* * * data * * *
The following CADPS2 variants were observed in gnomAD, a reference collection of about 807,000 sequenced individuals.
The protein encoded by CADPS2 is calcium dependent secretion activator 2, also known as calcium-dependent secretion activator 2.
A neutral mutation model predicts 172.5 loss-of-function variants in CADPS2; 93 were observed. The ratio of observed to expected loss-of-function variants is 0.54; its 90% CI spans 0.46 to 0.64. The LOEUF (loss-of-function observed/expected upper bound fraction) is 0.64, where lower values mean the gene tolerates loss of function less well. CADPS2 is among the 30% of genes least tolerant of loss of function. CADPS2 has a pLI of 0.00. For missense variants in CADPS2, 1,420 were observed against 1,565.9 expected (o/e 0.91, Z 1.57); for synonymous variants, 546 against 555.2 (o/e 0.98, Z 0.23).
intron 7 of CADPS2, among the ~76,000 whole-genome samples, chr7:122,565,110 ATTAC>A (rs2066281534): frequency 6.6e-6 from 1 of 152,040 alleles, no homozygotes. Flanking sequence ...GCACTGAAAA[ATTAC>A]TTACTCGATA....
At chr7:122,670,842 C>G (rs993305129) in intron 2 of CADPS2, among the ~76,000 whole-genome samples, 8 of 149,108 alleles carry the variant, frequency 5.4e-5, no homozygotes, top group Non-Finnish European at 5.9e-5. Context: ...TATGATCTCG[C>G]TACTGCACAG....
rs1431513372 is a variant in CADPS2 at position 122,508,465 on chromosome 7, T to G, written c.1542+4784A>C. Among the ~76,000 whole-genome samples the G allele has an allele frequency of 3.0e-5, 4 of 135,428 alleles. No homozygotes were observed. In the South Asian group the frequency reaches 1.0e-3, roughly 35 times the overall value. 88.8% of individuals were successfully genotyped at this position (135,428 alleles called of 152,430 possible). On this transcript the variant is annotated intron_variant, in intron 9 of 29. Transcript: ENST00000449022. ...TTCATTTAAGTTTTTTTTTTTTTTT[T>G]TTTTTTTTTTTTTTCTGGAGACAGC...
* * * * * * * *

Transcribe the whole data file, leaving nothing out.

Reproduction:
The following CADPS2 variants were observed in gnomAD, a reference collection of about 807,000 sequenced individuals.
The protein encoded by CADPS2 is calcium dependent secretion activator 2, also known as calcium-dependent secretion activator 2.
A neutral mutation model predicts 172.5 loss-of-function variants in CADPS2; 93 were observed. The ratio of observed to expected loss-of-function variants is 0.54; its 90% CI spans 0.46 to 0.64. The LOEUF (loss-of-function observed/expected upper bound fraction) is 0.64, where lower values mean the gene tolerates loss of function less well. CADPS2 is among the 30% of genes least tolerant of loss of function. CADPS2 has a pLI of 0.00. For missense variants in CADPS2, 1,420 were observed against 1,565.9 expected (o/e 0.91, Z 1.57); for synonymous variants, 546 against 555.2 (o/e 0.98, Z 0.23).
intron 7 of CADPS2, among the ~76,000 whole-genome samples, chr7:122,565,110 ATTAC>A (rs2066281534): frequency 6.6e-6 from 1 of 152,040 alleles, no homozygotes. Flanking sequence ...GCACTGAAAA[ATTAC>A]TTACTCGATA....
At chr7:122,670,842 C>G (rs993305129) in intron 2 of CADPS2, among the ~76,000 whole-genome samples, 8 of 149,108 alleles carry the variant, frequency 5.4e-5, no homozygotes, top group Non-Finnish European at 5.9e-5. Context: ...TATGATCTCG[C>G]TACTGCACAG....
rs1431513372 is a variant in CADPS2 at position 122,508,465 on chromosome 7, T to G, written c.1542+4784A>C. Among the ~76,000 whole-genome samples the G allele has an allele frequency of 3.0e-5, 4 of 135,428 alleles. No homozygotes were observed. In the South Asian group the frequency reaches 1.0e-3, roughly 35 times the overall value. 88.8% of individuals were successfully genotyped at this position (135,428 alleles called of 152,430 possible). On this transcript the variant is annotated intron_variant, in intron 9 of 29. Transcript: ENST00000449022. ...TTCATTTAAGTTTTTTTTTTTTTTT[T>G]TTTTTTTTTTTTTTCTGGAGACAGC...